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Interview: Stephanie Honig, President, Napa Valley Cannabis Association

January 5, 2021

Wine industry veteran Stephanie Honig has been an early advocate for the cannabis industry in California wine country, co-founding the Napa Valley Cannabis Association (NVCA) and serving as its president. While NVCA’s efforts to extend Napa Valley’s fame into the cannabis category by allowing commercial cultivation have yet to bear fruit, the organization is pushing forward, confident that cannabis has a role to play in the valley’s future. SND Cannabis Edition recently caught up with Honig to get her views on the emerging cannabis segment and hear about why she believes the widespread rollout of cannabis beverages in particular will be a game-changer for the category.

SNDC: Why do you see cannabis beverages as a key opportunity moving forward?

Honig: According to a report by Grand View Research, the global cannabis beverages market is forecast to grow to $2.8 billion by 2025, escalating at a compound annual growth rate of 17.8% over the next four years. Canadian companies are dominating the cannabis beverage space, due to the federally legal status of cannabis in our neighbor to the north. However, the U.S. is poised to grow its market share and position itself as an industry leader as soon as we have federally legal cannabis, which is likely to be coming soon in a Biden-Harris Administration. I anticipate this being accelerated by a depressed post-Covid economy. The need for increased tax revenue, the pressure to create new jobs, the industry’s efforts to eliminate the black market, and the new states which legalized cannabis in the November election will also create excitement about cannabis beverages. Right now, cannabis beverages are being created by small entrepreneurs in locally produced lots, following different regulations state-by-state. Once federally legal, big players in the highly regulated alcohol market will see what’s available in the entrepreneur market and jump in, snapping up the best and brightest ideas and creating new ones of their own.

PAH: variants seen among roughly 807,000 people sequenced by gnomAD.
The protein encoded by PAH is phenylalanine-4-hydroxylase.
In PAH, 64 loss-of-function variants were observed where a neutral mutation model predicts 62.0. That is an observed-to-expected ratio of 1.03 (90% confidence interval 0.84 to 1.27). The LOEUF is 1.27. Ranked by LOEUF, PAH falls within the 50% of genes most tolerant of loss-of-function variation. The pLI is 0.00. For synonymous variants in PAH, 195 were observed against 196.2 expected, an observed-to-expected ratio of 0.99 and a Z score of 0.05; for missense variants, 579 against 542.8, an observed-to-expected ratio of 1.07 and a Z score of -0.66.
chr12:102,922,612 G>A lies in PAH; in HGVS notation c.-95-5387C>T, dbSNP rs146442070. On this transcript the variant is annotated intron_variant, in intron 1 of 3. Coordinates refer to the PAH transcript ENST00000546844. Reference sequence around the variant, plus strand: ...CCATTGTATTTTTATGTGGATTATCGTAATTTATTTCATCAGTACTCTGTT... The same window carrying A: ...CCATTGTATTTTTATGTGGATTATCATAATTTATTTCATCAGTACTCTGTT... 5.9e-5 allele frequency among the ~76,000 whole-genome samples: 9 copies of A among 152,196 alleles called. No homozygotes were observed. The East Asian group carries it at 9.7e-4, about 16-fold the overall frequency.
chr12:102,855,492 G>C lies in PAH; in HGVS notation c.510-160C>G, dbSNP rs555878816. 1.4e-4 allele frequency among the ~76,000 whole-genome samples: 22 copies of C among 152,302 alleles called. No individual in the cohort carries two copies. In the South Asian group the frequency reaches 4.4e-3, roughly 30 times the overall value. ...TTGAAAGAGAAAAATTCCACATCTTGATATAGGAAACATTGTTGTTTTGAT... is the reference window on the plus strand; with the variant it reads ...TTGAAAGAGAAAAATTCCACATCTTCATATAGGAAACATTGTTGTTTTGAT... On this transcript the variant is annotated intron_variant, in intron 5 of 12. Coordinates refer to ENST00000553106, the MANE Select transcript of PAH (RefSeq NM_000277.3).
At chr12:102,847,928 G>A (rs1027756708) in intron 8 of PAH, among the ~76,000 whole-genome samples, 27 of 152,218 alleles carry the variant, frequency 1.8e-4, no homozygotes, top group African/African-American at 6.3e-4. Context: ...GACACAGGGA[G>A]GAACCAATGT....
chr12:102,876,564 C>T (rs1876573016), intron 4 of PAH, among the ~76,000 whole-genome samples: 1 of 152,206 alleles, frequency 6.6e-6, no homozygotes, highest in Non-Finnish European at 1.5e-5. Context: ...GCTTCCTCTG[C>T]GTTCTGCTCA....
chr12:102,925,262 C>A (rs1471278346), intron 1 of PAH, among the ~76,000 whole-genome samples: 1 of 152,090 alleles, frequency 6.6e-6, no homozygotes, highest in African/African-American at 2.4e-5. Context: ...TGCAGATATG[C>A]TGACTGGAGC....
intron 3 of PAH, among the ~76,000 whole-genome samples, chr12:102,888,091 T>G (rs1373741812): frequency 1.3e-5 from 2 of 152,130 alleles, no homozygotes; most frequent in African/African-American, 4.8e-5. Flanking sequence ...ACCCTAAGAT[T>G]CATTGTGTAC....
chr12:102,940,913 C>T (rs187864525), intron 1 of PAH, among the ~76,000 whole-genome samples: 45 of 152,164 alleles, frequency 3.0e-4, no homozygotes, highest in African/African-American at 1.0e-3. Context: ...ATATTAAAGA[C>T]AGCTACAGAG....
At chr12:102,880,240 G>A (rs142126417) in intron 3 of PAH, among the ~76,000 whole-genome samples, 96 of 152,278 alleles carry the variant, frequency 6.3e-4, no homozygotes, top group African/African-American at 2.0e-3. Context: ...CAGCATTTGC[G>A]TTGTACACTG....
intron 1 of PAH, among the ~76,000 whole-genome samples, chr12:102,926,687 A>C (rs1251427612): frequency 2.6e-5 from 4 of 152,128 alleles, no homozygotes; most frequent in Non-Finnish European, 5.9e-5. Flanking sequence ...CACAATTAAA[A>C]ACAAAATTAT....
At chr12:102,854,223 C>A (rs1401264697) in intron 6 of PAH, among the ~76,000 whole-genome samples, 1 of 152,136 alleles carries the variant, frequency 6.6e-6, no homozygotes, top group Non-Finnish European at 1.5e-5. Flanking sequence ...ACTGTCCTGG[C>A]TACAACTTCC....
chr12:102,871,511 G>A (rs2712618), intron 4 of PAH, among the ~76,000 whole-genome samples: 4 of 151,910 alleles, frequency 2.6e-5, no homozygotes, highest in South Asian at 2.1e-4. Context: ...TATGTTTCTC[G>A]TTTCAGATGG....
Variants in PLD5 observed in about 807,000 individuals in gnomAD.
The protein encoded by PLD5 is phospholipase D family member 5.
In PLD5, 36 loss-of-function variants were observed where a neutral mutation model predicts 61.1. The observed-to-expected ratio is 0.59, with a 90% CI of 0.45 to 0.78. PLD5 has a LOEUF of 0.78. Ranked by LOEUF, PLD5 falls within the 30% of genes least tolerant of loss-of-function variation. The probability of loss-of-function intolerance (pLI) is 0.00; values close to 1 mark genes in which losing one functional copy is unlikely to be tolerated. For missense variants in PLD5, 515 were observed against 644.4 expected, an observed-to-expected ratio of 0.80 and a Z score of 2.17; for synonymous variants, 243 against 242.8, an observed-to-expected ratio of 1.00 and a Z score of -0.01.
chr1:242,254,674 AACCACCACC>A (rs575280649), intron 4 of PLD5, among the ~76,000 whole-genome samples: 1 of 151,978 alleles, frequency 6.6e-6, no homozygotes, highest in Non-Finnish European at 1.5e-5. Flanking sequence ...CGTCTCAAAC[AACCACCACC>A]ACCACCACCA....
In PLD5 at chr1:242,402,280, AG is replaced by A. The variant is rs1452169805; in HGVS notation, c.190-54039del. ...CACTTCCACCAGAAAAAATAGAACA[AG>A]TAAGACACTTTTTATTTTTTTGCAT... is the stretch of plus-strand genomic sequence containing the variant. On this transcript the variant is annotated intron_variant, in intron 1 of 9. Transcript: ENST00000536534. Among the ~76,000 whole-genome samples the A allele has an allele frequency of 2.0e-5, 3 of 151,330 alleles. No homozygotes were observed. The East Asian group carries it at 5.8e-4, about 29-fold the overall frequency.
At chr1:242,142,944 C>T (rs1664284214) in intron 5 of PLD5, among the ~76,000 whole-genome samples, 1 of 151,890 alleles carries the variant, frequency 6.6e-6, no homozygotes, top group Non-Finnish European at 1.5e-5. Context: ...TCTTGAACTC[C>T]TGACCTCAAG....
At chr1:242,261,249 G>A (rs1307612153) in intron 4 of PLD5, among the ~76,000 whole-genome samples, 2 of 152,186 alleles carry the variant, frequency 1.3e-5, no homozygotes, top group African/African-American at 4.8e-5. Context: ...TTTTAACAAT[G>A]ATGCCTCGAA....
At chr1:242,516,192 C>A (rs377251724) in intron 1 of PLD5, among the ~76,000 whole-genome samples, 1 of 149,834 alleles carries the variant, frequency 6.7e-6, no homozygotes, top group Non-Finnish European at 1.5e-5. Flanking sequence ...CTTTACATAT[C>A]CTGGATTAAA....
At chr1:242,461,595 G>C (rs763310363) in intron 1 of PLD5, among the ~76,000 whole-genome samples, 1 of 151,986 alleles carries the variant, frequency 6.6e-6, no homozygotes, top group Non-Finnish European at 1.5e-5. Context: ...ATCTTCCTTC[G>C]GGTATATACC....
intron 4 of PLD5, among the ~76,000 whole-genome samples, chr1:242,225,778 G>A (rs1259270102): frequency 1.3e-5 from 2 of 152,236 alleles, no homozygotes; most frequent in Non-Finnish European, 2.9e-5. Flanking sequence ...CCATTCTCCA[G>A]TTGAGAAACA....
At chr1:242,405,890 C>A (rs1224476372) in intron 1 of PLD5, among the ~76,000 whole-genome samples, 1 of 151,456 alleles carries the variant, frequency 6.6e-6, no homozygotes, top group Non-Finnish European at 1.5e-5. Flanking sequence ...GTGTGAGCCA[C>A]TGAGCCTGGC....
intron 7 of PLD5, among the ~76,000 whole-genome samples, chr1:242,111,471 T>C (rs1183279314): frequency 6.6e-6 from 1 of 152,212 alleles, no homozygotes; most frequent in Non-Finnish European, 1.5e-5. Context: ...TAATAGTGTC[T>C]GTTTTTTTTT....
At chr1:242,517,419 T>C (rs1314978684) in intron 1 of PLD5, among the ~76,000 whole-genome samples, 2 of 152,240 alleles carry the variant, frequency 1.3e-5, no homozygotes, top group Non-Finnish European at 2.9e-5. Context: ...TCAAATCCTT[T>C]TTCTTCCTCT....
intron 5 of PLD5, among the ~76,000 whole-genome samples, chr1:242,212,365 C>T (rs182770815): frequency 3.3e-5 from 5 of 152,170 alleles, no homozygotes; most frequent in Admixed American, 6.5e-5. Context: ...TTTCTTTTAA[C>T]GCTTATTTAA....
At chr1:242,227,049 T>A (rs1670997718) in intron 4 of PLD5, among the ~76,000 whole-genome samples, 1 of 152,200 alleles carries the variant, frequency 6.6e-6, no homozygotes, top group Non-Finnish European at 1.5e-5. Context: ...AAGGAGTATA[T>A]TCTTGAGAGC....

SNDC: So the similarities between alcohol and cannabis will lead to drinks industry players carving out space in the emerging market?

Honig: Definitely. In the drinks industry, we know how to sell a regulated product. We have the points of distribution, and we have the infrastructure. Premium alcohol products have been highly successful in creating brand loyalty. Many of these lessons in marketing, distribution and branding made famous by the spirits industry will be applied to successful premium cannabis beverage products as well. The larger wine, beer and spirits distribution companies are positioning themselves aggressively to mimic their sales model with the cannabis industry once they can ship across state lines. At the moment, with cannabis still listed as a Schedule 1 drug, alcohol distributors are fearful that any investment or venture in this space will jeopardize their existing licenses. Some have invested in Canada, others have begun working with CBD exclusively, and others are having conversations behind closed doors trying to figure out how to position themselves to benefit financially from cannabis legalization, which is imminent.

SNDC: What do you expect to see in the cannabis beverage market a few years down the road?

Honig: While the most established cannabis companies are focused on being vertically integrated and building independent distribution networks, the market will dictate a hybrid sales structure. Medium to small cannabis beverage brands will rely on existing distributors for wholesale business. The evolution of digital marketing will also help the smaller producers engage direct-to-consumer, just like in the wine business.

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